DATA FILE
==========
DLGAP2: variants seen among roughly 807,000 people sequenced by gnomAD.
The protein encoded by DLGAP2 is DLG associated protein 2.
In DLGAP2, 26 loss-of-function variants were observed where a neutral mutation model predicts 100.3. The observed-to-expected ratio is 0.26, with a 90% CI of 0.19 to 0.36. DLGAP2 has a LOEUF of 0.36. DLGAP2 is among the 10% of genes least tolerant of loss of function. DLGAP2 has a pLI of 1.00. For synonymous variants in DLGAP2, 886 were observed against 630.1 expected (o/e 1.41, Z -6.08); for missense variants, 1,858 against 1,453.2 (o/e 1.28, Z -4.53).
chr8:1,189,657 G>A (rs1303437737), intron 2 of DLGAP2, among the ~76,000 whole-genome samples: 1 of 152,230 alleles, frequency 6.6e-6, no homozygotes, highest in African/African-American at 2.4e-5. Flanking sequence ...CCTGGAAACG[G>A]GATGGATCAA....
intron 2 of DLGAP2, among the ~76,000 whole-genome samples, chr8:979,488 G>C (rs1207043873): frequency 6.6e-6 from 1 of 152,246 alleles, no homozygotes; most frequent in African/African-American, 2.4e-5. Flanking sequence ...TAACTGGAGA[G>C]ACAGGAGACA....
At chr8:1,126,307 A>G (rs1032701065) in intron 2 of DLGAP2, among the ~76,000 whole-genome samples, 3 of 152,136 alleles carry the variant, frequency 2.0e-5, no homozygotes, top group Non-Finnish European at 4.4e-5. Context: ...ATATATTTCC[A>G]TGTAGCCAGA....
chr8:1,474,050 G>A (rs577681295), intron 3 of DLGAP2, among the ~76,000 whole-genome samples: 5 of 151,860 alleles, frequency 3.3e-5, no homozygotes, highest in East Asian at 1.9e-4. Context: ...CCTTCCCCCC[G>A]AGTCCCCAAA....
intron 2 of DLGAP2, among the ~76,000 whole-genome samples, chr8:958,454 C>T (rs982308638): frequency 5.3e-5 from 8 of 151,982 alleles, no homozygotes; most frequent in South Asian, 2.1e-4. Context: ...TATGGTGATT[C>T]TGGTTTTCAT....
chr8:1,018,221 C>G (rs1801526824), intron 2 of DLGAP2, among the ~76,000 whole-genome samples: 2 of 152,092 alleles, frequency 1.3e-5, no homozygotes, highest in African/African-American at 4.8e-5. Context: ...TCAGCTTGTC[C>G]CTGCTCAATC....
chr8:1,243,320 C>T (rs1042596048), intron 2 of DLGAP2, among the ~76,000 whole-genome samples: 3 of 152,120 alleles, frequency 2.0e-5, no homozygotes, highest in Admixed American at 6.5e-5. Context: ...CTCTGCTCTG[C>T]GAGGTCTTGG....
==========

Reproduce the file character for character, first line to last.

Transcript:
DLGAP2: variants seen among roughly 807,000 people sequenced by gnomAD.
The protein encoded by DLGAP2 is DLG associated protein 2.
In DLGAP2, 26 loss-of-function variants were observed where a neutral mutation model predicts 100.3. The observed-to-expected ratio is 0.26, with a 90% CI of 0.19 to 0.36. DLGAP2 has a LOEUF of 0.36. DLGAP2 is among the 10% of genes least tolerant of loss of function. DLGAP2 has a pLI of 1.00. For synonymous variants in DLGAP2, 886 were observed against 630.1 expected (o/e 1.41, Z -6.08); for missense variants, 1,858 against 1,453.2 (o/e 1.28, Z -4.53).
chr8:1,189,657 G>A (rs1303437737), intron 2 of DLGAP2, among the ~76,000 whole-genome samples: 1 of 152,230 alleles, frequency 6.6e-6, no homozygotes, highest in African/African-American at 2.4e-5. Flanking sequence ...CCTGGAAACG[G>A]GATGGATCAA....
intron 2 of DLGAP2, among the ~76,000 whole-genome samples, chr8:979,488 G>C (rs1207043873): frequency 6.6e-6 from 1 of 152,246 alleles, no homozygotes; most frequent in African/African-American, 2.4e-5. Flanking sequence ...TAACTGGAGA[G>C]ACAGGAGACA....
At chr8:1,126,307 A>G (rs1032701065) in intron 2 of DLGAP2, among the ~76,000 whole-genome samples, 3 of 152,136 alleles carry the variant, frequency 2.0e-5, no homozygotes, top group Non-Finnish European at 4.4e-5. Context: ...ATATATTTCC[A>G]TGTAGCCAGA....
chr8:1,474,050 G>A (rs577681295), intron 3 of DLGAP2, among the ~76,000 whole-genome samples: 5 of 151,860 alleles, frequency 3.3e-5, no homozygotes, highest in East Asian at 1.9e-4. Context: ...CCTTCCCCCC[G>A]AGTCCCCAAA....
intron 2 of DLGAP2, among the ~76,000 whole-genome samples, chr8:958,454 C>T (rs982308638): frequency 5.3e-5 from 8 of 151,982 alleles, no homozygotes; most frequent in South Asian, 2.1e-4. Context: ...TATGGTGATT[C>T]TGGTTTTCAT....
chr8:1,018,221 C>G (rs1801526824), intron 2 of DLGAP2, among the ~76,000 whole-genome samples: 2 of 152,092 alleles, frequency 1.3e-5, no homozygotes, highest in African/African-American at 4.8e-5. Context: ...TCAGCTTGTC[C>G]CTGCTCAATC....
chr8:1,243,320 C>T (rs1042596048), intron 2 of DLGAP2, among the ~76,000 whole-genome samples: 3 of 152,120 alleles, frequency 2.0e-5, no homozygotes, highest in Admixed American at 6.5e-5. Context: ...CTCTGCTCTG[C>T]GAGGTCTTGG....